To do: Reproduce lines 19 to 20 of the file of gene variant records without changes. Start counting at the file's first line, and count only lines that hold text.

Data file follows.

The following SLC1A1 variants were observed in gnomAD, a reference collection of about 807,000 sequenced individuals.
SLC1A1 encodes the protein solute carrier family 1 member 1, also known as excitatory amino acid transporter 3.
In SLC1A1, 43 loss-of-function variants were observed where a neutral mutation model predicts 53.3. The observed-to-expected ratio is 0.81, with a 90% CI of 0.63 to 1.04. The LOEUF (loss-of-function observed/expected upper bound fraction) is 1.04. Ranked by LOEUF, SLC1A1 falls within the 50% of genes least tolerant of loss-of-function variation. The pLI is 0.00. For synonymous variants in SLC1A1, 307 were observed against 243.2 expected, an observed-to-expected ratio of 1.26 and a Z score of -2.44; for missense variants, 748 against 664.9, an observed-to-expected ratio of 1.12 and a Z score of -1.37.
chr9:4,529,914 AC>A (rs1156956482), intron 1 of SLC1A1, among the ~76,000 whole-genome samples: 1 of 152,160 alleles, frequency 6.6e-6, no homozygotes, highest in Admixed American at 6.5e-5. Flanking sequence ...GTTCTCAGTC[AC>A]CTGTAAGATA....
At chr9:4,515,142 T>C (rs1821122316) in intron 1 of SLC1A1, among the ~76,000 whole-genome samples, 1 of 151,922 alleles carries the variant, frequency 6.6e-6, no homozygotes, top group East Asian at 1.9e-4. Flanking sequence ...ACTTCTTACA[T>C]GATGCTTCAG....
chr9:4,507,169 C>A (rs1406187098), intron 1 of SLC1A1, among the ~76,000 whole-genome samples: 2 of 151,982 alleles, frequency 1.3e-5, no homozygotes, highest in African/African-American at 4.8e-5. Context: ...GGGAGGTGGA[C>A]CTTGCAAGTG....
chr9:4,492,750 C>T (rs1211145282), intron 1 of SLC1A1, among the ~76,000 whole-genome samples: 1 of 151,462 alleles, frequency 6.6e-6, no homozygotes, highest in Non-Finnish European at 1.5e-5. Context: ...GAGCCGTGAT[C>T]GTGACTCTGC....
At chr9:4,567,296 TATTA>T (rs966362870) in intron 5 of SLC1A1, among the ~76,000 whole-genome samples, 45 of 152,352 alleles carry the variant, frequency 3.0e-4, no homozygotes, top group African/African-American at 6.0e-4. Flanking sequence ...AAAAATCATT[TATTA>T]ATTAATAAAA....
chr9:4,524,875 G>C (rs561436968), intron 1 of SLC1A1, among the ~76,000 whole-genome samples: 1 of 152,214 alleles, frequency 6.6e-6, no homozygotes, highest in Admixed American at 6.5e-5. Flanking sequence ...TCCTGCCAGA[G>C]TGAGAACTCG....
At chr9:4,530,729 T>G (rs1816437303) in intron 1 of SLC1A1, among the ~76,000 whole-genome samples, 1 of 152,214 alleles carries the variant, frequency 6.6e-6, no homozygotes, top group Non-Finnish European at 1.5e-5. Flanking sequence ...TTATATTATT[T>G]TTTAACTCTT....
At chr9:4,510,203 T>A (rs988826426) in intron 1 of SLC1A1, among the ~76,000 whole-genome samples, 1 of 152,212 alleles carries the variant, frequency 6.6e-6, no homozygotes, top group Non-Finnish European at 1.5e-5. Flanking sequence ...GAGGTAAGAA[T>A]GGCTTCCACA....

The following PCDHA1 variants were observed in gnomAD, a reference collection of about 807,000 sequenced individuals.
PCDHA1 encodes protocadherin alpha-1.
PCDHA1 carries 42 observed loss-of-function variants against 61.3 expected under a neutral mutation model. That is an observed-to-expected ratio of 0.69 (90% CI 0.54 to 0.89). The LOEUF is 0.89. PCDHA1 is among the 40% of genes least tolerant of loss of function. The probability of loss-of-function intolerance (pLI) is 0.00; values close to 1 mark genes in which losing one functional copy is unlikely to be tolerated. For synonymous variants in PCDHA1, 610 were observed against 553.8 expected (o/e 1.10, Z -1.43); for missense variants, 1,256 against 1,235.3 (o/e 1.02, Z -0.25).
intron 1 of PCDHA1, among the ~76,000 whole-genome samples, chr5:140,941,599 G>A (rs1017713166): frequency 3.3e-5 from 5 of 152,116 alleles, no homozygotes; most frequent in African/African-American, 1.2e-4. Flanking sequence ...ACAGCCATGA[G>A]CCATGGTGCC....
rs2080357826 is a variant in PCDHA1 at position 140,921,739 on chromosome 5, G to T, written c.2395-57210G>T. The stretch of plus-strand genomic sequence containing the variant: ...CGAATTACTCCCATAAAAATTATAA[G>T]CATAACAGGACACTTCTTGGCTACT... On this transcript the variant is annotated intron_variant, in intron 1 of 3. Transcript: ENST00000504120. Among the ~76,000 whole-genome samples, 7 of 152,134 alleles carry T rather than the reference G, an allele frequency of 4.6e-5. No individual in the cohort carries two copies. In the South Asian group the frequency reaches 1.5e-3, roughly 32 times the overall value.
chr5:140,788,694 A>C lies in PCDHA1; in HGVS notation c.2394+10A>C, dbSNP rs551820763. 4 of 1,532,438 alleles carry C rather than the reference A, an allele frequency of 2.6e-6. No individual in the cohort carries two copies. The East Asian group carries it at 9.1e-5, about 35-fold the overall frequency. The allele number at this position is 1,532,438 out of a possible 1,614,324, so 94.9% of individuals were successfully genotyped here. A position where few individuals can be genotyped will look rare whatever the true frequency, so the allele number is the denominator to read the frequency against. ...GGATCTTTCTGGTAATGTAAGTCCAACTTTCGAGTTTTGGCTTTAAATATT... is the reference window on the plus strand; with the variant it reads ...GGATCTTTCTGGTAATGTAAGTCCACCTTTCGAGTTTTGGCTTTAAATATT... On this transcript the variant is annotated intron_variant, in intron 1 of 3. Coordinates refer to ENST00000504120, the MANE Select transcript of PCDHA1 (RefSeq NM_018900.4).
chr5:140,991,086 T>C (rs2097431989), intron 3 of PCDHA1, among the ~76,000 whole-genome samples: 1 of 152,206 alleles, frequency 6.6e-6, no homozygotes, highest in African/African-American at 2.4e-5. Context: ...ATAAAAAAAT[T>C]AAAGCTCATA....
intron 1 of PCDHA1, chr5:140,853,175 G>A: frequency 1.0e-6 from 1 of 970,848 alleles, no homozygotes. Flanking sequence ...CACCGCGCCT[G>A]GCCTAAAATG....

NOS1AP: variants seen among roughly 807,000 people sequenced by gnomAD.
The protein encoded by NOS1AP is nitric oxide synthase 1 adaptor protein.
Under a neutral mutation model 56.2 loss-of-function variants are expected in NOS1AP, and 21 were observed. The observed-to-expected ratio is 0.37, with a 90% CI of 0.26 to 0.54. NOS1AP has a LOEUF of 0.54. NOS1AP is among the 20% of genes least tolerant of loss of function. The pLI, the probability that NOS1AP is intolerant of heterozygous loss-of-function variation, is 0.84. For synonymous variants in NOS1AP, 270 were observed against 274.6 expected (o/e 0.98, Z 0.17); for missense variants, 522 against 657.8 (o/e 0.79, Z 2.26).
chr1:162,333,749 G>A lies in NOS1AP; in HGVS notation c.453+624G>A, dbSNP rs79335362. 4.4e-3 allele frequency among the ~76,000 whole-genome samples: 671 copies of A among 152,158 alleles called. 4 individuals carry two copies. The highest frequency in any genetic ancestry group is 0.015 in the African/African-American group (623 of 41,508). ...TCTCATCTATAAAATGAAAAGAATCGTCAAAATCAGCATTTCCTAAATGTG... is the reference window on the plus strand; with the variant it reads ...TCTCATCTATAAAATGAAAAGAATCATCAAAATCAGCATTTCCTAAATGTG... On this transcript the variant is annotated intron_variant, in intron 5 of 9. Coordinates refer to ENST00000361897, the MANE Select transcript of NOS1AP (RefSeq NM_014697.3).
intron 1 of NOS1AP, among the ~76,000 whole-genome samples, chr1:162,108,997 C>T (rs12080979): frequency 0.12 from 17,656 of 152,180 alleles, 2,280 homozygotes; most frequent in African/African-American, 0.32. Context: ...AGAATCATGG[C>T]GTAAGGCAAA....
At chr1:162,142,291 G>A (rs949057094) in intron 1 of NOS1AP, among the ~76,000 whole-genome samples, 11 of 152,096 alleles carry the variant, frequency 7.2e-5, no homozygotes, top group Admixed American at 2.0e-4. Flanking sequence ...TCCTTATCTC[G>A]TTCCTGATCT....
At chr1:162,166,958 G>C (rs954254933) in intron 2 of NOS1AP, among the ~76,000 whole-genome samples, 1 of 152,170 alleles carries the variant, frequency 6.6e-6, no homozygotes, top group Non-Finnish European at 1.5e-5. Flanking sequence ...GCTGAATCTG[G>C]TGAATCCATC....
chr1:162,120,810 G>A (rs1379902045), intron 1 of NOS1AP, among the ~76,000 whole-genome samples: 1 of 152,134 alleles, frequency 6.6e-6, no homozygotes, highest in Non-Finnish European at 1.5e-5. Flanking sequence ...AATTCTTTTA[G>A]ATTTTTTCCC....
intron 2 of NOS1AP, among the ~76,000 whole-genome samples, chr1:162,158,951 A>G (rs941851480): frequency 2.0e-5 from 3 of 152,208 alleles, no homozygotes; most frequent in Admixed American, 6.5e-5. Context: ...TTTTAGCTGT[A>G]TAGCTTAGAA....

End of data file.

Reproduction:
intron 1 of PCDHA1, chr5:140,853,175 G>A: frequency 1.0e-6 from 1 of 970,848 alleles, no homozygotes. Flanking sequence ...CACCGCGCCT[G>A]GCCTAAAATG....

NOS1AP: variants seen among roughly 807,000 people sequenced by gnomAD.